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A shortcut through planning procedures frequently used by the Dutch wind energy development business has been closed off by the administrative court of Alkmaar in the Netherlands. Permission to build a wind farm had already been granted by the municipality of Anna Paulowna in Noord-Holland, when the court ruled that the project should have run the full planning gauntlet. Construction of 21 wind turbines by PEN, the Noord-Holland electricity distribution company, has been postponed as a result to April next year at the earliest.

The project's building permit was challenged in court by local residents, united in a group calling itself "Geen zwaaipalen in de polder," which, roughly translated, means "No swaying poles in the polder." Dutch planning law requires local authorities to develop structure plans for their municipalities, with designated areas for industrial, agricultural and domestic development. Few authorities have designated land for wind turbines, but Anna Paulowna has done so, permitting individual turbines in areas set aside for agricultural use.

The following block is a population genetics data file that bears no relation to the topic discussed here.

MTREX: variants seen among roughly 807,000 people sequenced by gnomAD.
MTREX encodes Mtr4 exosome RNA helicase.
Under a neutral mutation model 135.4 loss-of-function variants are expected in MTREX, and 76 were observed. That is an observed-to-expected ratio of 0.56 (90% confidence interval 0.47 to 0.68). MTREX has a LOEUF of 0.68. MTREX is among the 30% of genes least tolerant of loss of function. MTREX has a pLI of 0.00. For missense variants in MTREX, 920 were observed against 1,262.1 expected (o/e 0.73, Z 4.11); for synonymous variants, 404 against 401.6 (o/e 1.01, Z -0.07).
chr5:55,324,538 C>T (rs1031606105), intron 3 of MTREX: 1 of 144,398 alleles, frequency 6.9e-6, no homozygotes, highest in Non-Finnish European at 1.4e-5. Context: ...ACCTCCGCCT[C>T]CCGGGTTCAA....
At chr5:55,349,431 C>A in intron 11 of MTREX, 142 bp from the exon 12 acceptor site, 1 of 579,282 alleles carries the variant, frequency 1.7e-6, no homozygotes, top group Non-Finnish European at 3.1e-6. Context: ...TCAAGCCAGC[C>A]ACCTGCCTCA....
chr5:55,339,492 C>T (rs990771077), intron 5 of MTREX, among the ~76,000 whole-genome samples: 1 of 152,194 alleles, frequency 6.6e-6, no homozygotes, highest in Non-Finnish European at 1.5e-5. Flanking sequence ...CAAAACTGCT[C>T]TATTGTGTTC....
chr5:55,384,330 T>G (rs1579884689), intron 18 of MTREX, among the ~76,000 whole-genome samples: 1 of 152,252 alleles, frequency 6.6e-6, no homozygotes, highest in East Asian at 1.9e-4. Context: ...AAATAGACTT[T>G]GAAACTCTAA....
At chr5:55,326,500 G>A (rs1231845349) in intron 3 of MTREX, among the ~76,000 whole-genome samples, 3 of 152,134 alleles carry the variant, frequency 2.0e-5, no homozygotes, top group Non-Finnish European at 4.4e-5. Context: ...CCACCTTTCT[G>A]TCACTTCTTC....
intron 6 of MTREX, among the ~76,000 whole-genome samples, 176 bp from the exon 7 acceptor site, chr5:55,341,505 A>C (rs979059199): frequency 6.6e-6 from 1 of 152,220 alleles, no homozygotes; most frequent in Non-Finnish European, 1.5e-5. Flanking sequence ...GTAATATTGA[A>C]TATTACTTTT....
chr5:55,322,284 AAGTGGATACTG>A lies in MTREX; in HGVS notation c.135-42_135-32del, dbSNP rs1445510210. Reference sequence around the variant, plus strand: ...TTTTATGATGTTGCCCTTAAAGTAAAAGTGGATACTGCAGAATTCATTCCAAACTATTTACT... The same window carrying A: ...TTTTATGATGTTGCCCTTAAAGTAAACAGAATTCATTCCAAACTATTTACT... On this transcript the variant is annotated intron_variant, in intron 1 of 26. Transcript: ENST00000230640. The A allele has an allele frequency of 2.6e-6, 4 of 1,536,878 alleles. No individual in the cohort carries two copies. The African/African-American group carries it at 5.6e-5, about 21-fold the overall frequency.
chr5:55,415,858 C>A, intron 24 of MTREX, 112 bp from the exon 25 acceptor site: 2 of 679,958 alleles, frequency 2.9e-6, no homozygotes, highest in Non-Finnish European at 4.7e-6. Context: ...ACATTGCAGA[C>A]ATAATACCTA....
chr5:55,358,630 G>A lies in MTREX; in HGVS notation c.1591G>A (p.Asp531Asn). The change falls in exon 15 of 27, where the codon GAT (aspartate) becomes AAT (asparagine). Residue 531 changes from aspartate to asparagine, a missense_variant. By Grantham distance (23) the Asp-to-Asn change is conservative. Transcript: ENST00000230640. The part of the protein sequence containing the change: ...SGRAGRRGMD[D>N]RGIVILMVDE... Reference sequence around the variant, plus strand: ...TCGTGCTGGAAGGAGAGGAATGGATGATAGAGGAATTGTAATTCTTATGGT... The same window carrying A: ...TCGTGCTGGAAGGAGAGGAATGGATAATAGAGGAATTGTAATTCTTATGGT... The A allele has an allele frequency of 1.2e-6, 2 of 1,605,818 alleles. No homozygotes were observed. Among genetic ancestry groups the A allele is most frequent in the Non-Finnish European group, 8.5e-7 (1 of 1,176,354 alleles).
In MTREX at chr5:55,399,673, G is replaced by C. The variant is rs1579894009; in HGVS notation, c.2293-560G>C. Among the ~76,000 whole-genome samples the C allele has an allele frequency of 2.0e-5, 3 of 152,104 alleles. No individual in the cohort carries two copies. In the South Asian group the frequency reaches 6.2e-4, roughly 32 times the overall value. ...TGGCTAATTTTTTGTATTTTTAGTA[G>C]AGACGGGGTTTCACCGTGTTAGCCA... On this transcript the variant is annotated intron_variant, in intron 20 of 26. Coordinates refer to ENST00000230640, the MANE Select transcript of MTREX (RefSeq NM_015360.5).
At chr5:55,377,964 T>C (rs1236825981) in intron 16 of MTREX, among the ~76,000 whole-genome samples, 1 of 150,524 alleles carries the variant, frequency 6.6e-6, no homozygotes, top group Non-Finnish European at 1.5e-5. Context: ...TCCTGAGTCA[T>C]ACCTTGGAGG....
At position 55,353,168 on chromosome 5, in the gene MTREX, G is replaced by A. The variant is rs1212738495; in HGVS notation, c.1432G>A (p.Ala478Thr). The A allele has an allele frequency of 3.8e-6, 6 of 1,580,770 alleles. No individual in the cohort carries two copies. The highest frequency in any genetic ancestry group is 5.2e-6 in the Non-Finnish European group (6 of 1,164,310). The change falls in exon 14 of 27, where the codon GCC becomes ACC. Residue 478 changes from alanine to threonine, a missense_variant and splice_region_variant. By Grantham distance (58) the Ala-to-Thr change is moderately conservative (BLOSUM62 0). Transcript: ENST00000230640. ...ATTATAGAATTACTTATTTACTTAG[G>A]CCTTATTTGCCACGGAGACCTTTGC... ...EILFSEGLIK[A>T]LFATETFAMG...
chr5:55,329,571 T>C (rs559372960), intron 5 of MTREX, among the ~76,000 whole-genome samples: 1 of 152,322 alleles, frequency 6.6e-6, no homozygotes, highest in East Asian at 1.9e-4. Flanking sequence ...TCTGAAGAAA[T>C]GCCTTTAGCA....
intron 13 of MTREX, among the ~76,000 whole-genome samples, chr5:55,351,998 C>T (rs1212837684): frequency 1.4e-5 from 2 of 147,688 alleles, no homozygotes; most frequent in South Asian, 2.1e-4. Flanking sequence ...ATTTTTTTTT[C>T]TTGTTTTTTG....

When PEN applied some years ago to construct its wind farm, the authority turned to a special clause in the planning law, Article 19, which allows for small adjustments in structure plans. The article can also be used as a shortcut in anticipation of a major change in the designation of an area -- such as making way for a new technology such as wind plant. A formal change in a structure plan is a time-consuming operation, but large office towers have been granted permission and built under the protection of Article 19. So have wind farms. Almost every wind installation in the Netherlands has a building permit based on Article 19.

However, when Anna Paulowna granted PEN permission for its wind farm under the same article, residents took the authority to court. The resulting judgement means a serious setback for wind energy, says Dick Kooman of WEOM, a development company closely associated with NedWind. It puts enough power in the hands of a single objector to stop a whole project, he told Dutch magazine, Sustainable Energy.

In the case of PEN's wind farm, though, Anna Paulowna has set the wheels in motion for a major change of the area's designation and PEN will again apply for a building permit. Jos Kouwenhoven of PEN hopes that construction can start in a year. His optimism stems from the knowledge that a new permit can be granted again under Article 19. A change in the area's designation has been formally announced and PEN now has a stronger case if the permit is challenged in court once more.

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